Read on …

FAQ’s lack personal touch and they don’t let you time the release of information. Your clients want to feel that you know what their concerns are at every step. Making them sort through an FAQ page misses the mark big time.

Create a Customer Experience

You need videos sent to your clients at specific times in the process to explain what you’re doing and how you’re taking care of them. You’ll start by basing your videos on the FAQs.

In addition to the FAQs I’d suggest you include a few videos that show why you’re so special at what you do. Your videos should show the care you take and your attention to detail. Don’t miss this opportunity to softly market what a quality operation you run.

Let me show you what I’m talking about…

Have you ever seen custom cabinets being built? At the beginning of the process there is a seemingly boring step that has everything to do with the quality of the finished product and the profitability of the cabinet maker. That step is choosing the exact pieces of raw lumber that will be used.

The cabinet maker must pick out pieces that aren’t warped or he must be able to work around that problem. He must pick out pieces that have wonderful character and flavor. He must be able to see where knots will be used to create focal points, or how to get rid of them. I’ve done this job. Literally every piece is eyeballed and imagined where it will be used in the set of cabinets.

Building and installing a set of custom cabinets for a 3,000 square foot home can take a few months. During that time the client is pretty much in the dark.

But what if three days after you’re client gave you their deposit they received a video showing how this morning you would be painstakingly selecting the very pieces that would go into making their private sanctuary a beautiful home?

And what if every week they got a short 2 or 3 minute video showing what you were doing for them that week? It wouldn’t have to be a video of their cabinets, just something that shows your process.

What do you think that would do for their opinion of what they’re paying for?

You can use a service like Aweber, Mailchimp, InfusionSoft, or anything similar to send out your video series. Done well, your video series will escort your client through your process. They’ll learn why your company is so awesome. Their appreciation for your answering of their questions will show up in repeat and referral business. Your clients will feel connected to what you do for them.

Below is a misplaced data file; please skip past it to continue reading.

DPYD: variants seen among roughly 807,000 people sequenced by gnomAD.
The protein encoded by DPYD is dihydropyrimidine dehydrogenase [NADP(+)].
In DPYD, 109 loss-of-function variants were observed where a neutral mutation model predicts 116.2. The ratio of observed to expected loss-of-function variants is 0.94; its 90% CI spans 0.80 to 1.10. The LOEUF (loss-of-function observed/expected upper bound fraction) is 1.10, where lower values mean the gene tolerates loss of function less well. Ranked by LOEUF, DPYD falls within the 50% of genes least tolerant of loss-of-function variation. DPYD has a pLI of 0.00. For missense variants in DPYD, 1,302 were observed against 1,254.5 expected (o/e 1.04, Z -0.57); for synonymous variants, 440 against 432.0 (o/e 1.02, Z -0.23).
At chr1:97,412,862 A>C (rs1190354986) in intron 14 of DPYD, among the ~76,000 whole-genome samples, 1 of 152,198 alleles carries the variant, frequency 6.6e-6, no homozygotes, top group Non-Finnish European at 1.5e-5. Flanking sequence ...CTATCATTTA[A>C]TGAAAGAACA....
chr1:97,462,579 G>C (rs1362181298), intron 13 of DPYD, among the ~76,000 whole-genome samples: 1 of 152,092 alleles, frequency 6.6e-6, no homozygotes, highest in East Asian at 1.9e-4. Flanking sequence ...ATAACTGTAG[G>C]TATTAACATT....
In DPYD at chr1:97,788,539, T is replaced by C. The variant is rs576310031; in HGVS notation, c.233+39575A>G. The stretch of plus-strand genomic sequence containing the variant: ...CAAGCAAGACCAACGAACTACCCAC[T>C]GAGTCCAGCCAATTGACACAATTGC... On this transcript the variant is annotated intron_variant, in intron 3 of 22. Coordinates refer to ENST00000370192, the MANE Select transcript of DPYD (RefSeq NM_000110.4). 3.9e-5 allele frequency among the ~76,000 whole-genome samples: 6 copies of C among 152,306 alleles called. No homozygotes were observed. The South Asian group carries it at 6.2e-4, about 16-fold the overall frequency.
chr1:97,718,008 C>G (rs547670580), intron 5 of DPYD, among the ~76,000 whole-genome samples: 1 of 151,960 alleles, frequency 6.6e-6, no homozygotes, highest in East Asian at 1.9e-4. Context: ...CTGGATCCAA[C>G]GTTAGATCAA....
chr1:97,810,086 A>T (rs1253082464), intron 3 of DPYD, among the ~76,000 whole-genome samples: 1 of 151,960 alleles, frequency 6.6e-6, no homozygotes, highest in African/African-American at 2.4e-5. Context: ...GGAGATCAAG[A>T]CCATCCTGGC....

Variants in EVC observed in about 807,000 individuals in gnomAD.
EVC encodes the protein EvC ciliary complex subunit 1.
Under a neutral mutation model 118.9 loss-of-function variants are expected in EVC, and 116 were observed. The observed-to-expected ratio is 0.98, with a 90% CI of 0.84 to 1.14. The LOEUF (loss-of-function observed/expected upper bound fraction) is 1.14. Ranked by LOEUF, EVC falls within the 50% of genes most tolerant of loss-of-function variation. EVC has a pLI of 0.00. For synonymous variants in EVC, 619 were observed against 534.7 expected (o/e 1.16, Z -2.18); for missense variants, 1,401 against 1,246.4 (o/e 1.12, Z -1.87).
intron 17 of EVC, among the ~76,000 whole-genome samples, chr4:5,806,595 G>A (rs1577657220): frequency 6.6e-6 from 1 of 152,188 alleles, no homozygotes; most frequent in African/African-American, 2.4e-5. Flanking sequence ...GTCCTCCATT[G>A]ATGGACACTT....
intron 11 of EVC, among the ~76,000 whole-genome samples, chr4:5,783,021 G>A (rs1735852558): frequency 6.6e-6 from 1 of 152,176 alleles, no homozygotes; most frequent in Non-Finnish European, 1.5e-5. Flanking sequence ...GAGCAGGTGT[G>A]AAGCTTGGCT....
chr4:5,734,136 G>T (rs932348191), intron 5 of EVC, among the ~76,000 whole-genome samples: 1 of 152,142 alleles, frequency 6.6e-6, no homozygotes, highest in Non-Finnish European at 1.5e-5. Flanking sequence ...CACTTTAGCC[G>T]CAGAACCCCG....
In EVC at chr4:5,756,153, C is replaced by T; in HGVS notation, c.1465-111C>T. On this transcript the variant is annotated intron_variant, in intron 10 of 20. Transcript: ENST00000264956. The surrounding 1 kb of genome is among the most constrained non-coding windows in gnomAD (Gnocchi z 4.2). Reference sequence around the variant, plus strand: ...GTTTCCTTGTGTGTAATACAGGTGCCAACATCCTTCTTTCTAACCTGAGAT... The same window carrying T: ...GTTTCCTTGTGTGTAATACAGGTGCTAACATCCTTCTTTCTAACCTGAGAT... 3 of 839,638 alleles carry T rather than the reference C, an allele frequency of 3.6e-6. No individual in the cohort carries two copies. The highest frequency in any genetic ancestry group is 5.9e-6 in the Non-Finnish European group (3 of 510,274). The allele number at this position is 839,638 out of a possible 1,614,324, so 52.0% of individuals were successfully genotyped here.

Your videos can be hosted on YouTube and kept private so that only people who have the link can see the video. You can use the link to show the video on a private page on your site that clients access when they receive the email with the link. I would suggest leaving as many videos public as possible because they’ll help market your business to potential clients.

Don’t assume that your clients will just go to your YouTube channel and watch the videos. That’s how you create difficult clients. Get their email when you start your business relationship with them and make sure the videos are sent on a timely basis.

A couple guidelines for your video series:

  1. First, keep the videos to less than 3 minutes if at all possible. You want your customers to be able to watch them during a short break. They need to fit into your customer’s lives.
  2. Second, don’t worry too much about quality. In the Age of YouTube viewers don’t get caught up in video quality. You’d be amazed at how good you can do with some of the phones that are sold these days.

Managing your customer experience through short videos will save you a boatload of time in the future and it’ll create many more happy clients for you. This won’t cure every difficult client but it will certainly help you stop creating them through poor communication because you’re so busy running your business.

If you’ve tried this, we’d love to hear some comments that some of your clients have had about their experience.


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Raised by a serial small business entrepreneur and became a three-time Inc5000 CEO outside the family business. I love business problems and I get a real kick out of making businesses run faster, better, and stronger. I see business problems through two lenses: First, what does the information tell me? And second, what's the best path to get everyone on the same page and feeling good about it? https://www.askphilipwilliams.com

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Comments
  • Philip Williams: How about not dealing with difficult clients, at all? 😉